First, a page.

However from the head to the feet, all have three sections. Most important is that if there is not a distinguishing into three sections, then the meaning cannot be clear. If the top section is not clear, there is no dependence and no origin. If the middle section is not clear, then the entire body is void. If the bottom section is not clear, then you will fall by yourself. How can we ignore them? As to how the Chi starts to move, there is nothing but the end section must move, the middle section follows, and the root section urges. However, all of these discussions are but dividing into sections to talk about them. If we talk about when they are all combined, then form the top of the head to the bottom of the feet, the four limbs and hundreds of bones, all in one section, how can they be divided into three sections? Furthermore, how can we again divide each section of these three sections into another three sections?

Thesis of the Four Extremities
Try, in addition, to discussing the body and the Chi, to discuss the extremities. The extremities are the surplus ends of the body. Those who talk about the body have never mentioned these since the beginning, and those who talk about the Chi have also seldom discussed them. Striking is from the internal and emitted to the outside, and thus the Chi is from the body and reaches to the extremities. If the application of Chi does not originate from the body, this is void and not solid. If it does not manifest in every extremity, though solid it is still void. How is it possible to not talk about the extremities? However, these are only the extremities of the physical body and not the extremities of the Chi.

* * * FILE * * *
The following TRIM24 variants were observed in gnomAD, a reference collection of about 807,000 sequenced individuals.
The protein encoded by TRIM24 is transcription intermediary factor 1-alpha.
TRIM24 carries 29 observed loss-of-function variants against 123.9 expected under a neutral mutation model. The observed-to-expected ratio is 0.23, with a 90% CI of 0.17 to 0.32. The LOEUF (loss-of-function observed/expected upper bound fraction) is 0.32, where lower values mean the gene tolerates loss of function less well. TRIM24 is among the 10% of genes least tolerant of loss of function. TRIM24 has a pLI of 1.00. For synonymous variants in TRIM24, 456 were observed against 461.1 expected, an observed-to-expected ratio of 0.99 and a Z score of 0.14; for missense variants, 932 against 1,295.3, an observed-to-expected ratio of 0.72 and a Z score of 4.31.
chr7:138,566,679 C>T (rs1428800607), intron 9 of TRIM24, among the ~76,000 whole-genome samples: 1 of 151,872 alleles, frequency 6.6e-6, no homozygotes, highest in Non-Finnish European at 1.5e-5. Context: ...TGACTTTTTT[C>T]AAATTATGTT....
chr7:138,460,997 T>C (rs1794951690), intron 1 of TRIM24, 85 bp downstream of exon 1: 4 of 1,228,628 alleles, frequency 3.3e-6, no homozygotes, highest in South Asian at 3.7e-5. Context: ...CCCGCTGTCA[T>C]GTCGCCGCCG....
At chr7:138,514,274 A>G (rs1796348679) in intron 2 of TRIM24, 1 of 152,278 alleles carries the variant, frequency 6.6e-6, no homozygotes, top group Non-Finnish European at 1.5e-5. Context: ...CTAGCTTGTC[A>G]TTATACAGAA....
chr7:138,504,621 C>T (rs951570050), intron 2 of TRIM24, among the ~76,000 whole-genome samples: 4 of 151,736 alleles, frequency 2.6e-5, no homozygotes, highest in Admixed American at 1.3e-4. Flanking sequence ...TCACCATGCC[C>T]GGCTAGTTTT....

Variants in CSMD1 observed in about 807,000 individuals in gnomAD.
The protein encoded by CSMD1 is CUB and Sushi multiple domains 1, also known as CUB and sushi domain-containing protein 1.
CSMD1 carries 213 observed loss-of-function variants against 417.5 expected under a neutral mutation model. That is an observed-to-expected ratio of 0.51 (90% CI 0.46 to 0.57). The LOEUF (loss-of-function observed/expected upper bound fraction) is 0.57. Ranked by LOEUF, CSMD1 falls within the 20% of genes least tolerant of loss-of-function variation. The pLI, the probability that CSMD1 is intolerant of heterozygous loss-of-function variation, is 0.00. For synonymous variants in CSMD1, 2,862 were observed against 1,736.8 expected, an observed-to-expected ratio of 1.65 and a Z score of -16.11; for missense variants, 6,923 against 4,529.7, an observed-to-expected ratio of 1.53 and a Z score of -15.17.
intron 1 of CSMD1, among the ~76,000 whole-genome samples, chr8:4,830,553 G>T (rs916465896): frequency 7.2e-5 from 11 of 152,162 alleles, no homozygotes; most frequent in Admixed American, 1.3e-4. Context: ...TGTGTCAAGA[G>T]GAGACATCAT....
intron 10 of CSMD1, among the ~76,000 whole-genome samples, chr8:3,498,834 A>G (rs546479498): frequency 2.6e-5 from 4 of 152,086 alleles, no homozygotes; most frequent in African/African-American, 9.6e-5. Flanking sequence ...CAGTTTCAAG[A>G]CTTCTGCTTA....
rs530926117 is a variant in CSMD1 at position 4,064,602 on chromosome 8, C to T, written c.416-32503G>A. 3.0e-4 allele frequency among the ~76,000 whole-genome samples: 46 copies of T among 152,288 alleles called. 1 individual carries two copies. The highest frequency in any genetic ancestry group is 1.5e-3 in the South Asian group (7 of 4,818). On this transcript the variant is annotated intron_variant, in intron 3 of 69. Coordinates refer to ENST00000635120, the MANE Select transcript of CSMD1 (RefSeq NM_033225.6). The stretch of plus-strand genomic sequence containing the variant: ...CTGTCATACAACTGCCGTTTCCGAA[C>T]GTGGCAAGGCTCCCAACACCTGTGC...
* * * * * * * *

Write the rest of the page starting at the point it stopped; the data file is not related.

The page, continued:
What are the four extremities? The hair is one. Because the hair does not belong to one of the Five Phases and is not related to the four limbs, it seems this is not worth discussing. However, the hair is the ending of the blood and the blood is the ocean of Chi. Even though we do not use the hair to discuss Chi, we cannot ignore the blood in the generation of Chi. If we cannot ignore the blood, then we cannot but also be concerned with the hair. When the hair is strong enough to shoot up the hat, the blood ending is sufficient. Others such as the tongue is the ending of the muscles and the muscles are the Chi bag (capable of storing Chi). If the Chi cannot be manifested in the ending of the muscles, then there is not enough quantity of Chi to fill up the muscles. Therefore, the tongue should urge (push against) the teeth, then the Chi in the meat ending will be enough.